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  8. Stephen Leeds (1999). Gauges: Aharonov, Bohm, Yang, Healey. Philosophy of Science 66 (4):606-627.score: 30.0
    I defend the interpretation of the Aharonov-Bohm effect originally advanced by Aharonov and Bohm, i.e., that it is caused by an interaction between the electron and the vector potential. The defense depends on taking the fiber bundle formulation of electrodynamics literally, or almost literally.
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  9. Stephen Leeds & Richard Healey (1996). A Note on Van Fraassen's Modal Interpretation of Quantum Mechanics. Philosophy of Science 63 (1):91-104.score: 30.0
  10. Stephen Leeds (2002). Perception, Transparency, and the Language of Thought. Noûs 36 (1):104-129.score: 30.0
  11. Stephen Leeds (1973). How to Think About Reference. Journal of Philosophy 70 (15):485-503.score: 30.0
  12. Stephen Leeds (2003). Foundations of Statistical Mechanics—Two Approaches. Philosophy of Science 70 (1):126-144.score: 30.0
    This paper is a discussion of David Albert's approach to the foundations of classical statistical menchanics. I point out a respect in which his account makes a stronger claim about the statistical mechanical probabilities than is usually made, and I suggest what might be motivation for this. I outline a less radical approach, which I attribute to Boltzmann, and I give some reasons for thinking that this approach is all we need, and also the most we are likely to get. (...)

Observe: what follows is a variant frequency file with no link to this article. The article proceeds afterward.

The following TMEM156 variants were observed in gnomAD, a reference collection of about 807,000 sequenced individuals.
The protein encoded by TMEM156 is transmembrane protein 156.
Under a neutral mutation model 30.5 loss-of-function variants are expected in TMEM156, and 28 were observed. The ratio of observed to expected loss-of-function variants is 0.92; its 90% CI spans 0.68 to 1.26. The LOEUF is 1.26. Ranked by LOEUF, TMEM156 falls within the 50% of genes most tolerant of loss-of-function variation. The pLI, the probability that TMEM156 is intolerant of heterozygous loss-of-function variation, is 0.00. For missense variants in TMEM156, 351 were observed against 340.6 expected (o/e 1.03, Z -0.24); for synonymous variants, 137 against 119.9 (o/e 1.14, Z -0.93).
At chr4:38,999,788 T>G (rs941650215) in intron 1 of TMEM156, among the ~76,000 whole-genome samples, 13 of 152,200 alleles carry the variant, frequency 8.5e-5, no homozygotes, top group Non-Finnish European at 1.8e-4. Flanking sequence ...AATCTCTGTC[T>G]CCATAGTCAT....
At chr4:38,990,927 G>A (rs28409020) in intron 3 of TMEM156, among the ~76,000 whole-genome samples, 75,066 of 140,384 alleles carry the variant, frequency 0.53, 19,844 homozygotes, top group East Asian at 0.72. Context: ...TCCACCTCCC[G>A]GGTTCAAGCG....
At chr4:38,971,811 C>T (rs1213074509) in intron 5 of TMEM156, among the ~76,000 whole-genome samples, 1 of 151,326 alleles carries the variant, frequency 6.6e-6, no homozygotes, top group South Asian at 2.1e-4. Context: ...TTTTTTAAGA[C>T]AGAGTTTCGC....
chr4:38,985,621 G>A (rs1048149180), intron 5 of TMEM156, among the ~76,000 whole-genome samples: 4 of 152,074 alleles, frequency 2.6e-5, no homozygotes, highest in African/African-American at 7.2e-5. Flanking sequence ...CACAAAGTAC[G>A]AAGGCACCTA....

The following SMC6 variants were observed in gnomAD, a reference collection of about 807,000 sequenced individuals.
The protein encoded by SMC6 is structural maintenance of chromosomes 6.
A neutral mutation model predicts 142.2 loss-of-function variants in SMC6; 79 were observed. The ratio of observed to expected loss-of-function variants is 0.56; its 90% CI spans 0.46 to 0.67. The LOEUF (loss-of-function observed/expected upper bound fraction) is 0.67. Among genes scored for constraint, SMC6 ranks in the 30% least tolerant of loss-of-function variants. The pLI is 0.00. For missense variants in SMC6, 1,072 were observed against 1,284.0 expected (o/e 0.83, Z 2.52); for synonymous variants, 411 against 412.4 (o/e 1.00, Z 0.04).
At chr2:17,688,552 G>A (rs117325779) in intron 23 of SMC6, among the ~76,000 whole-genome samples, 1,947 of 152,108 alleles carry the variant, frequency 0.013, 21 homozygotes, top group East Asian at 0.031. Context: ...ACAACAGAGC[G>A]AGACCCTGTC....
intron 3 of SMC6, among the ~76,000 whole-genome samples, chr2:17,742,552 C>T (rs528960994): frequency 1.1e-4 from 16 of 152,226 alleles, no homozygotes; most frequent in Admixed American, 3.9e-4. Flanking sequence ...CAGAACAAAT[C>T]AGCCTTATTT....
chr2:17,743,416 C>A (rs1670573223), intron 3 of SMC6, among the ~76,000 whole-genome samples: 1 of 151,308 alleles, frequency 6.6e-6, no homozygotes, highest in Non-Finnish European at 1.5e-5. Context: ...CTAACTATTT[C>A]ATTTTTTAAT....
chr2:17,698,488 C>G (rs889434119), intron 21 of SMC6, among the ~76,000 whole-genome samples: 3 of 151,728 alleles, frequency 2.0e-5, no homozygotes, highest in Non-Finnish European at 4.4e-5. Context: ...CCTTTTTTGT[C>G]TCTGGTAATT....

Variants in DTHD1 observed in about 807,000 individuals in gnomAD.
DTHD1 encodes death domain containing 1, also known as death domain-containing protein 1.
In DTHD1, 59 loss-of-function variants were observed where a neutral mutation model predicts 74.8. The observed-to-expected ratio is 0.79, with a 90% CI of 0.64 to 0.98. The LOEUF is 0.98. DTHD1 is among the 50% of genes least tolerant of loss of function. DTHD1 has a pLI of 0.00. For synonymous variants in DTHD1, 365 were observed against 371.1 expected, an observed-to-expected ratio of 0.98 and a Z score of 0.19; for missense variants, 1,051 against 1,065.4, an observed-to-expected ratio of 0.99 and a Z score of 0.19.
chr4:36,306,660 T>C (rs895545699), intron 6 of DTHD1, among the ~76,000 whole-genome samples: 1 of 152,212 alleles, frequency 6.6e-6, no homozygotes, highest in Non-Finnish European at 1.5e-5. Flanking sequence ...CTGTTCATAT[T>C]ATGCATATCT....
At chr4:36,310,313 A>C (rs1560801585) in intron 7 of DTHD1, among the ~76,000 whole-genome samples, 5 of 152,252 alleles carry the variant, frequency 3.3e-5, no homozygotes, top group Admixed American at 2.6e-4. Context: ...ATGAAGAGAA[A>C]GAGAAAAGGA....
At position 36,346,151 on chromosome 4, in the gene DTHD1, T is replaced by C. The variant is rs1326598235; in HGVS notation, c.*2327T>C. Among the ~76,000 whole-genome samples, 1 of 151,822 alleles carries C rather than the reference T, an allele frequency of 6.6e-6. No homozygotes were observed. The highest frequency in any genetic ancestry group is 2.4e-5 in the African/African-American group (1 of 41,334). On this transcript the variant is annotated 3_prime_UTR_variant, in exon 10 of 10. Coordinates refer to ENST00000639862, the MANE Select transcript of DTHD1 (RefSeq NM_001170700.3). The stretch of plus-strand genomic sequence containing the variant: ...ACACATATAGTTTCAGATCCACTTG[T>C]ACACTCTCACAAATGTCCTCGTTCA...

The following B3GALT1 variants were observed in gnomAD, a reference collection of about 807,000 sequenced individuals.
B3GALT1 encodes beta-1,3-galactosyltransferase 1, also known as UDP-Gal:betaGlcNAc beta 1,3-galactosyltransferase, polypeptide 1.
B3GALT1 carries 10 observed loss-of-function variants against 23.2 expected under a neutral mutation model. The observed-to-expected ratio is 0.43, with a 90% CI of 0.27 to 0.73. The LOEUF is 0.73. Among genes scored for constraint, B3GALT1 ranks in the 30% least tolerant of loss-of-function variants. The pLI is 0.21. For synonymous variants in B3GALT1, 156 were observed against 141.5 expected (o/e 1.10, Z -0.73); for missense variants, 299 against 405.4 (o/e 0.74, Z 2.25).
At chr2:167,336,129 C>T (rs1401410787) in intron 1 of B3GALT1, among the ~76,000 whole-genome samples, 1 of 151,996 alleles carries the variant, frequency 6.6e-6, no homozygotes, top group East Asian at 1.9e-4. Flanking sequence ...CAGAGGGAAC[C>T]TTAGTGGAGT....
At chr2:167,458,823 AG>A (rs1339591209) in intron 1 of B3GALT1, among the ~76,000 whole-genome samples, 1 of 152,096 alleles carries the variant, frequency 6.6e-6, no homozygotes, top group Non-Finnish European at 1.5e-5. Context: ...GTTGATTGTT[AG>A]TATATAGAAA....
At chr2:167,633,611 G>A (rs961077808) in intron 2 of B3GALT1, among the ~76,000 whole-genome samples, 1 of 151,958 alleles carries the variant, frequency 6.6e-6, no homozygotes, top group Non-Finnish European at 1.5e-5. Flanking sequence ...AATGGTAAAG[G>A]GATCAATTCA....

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  13. Stephen Leeds (1993). Qualia, Awareness, Sellars. Noûs 27 (3):303-330.score: 30.0
  14. Stephen Leeds (1984). Chance, Realism, Quantum Mechanics. Journal of Philosophy 81 (10):567-578.score: 30.0
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  15. Stephen Leeds (1975). Two Senses of 'Appears Red'. Philosophical Studies 28 (September):199-205.score: 30.0
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  16. Stephen Leeds (1997). Incommensurability and Vagueness. Noûs 31 (3):385-407.score: 30.0
  17. Stephen Leeds (1995). Holes and Determinism: Another Look. Philosophy of Science 62 (3):425-437.score: 30.0
    I argue that Earman and Norton's familiar "hole argument" raises questions as to whether GTR is a deterministic theory only given a certain assumption about determinism: namely, that to ask whether a theory is deterministic is to ask about the physical situations described by the theory. I think this is a mistake: whether a theory is deterministic is a question about what sentences can be proved within the theory. I show what these sentences look like: for interesting theories, a harmless (...)